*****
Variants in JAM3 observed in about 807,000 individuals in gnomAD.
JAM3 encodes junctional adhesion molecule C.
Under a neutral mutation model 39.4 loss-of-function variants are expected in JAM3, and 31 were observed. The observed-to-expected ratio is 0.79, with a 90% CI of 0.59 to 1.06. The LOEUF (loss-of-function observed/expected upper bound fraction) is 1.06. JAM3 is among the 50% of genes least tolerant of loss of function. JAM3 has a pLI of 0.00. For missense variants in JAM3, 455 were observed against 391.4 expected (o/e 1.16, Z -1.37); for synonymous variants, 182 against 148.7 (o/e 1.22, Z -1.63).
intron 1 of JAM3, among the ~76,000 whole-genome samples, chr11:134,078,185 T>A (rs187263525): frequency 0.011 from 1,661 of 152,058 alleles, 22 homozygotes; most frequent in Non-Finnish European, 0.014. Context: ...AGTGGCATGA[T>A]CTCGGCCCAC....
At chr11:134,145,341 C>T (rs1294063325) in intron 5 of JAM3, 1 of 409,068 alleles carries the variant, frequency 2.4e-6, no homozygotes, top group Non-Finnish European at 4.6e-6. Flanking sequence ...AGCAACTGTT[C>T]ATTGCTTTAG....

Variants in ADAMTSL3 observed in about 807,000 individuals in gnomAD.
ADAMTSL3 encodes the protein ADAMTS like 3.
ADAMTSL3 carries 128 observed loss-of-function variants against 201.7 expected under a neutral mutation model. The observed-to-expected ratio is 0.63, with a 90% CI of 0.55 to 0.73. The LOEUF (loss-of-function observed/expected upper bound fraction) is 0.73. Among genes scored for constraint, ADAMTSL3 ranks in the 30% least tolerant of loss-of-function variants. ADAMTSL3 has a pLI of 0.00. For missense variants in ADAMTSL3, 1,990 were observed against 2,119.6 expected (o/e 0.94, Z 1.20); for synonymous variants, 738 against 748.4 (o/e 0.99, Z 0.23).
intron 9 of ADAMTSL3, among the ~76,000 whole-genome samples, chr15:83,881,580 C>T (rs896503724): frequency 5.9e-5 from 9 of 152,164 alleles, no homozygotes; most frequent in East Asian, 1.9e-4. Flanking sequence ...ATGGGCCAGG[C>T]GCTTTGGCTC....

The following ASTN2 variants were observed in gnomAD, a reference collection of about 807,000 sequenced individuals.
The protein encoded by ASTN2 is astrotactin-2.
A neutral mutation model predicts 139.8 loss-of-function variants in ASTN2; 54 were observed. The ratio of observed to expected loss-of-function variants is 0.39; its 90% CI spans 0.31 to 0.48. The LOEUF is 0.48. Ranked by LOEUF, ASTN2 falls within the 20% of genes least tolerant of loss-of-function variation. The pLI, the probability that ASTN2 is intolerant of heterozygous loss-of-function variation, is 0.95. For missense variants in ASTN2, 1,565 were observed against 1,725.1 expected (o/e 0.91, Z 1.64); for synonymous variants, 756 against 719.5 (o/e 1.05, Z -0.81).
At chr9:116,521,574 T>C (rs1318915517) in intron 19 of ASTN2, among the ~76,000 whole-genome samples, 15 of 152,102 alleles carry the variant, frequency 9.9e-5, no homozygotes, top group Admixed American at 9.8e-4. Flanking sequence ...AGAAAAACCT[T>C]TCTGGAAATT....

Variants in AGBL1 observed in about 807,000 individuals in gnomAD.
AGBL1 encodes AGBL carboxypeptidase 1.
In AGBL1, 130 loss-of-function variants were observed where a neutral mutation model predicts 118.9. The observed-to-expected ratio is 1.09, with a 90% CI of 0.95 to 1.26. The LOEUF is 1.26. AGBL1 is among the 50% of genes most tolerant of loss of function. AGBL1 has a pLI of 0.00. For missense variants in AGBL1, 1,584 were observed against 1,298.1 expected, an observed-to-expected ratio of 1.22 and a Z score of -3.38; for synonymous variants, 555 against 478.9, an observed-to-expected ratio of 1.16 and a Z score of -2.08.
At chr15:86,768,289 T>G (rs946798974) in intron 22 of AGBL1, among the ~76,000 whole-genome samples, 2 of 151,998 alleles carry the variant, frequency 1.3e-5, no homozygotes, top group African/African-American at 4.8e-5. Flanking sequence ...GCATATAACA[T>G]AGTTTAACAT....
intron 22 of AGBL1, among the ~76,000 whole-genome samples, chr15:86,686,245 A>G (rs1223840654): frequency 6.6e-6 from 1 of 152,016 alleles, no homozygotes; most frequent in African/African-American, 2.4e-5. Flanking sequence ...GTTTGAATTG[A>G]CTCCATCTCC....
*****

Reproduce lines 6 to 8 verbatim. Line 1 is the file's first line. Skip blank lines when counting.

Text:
Variants in ADAMTSL3 observed in about 807,000 individuals in gnomAD.
ADAMTSL3 encodes the protein ADAMTS like 3.
ADAMTSL3 carries 128 observed loss-of-function variants against 201.7 expected under a neutral mutation model. The observed-to-expected ratio is 0.63, with a 90% CI of 0.55 to 0.73. The LOEUF (loss-of-function observed/expected upper bound fraction) is 0.73. Among genes scored for constraint, ADAMTSL3 ranks in the 30% least tolerant of loss-of-function variants. ADAMTSL3 has a pLI of 0.00. For missense variants in ADAMTSL3, 1,990 were observed against 2,119.6 expected (o/e 0.94, Z 1.20); for synonymous variants, 738 against 748.4 (o/e 0.99, Z 0.23).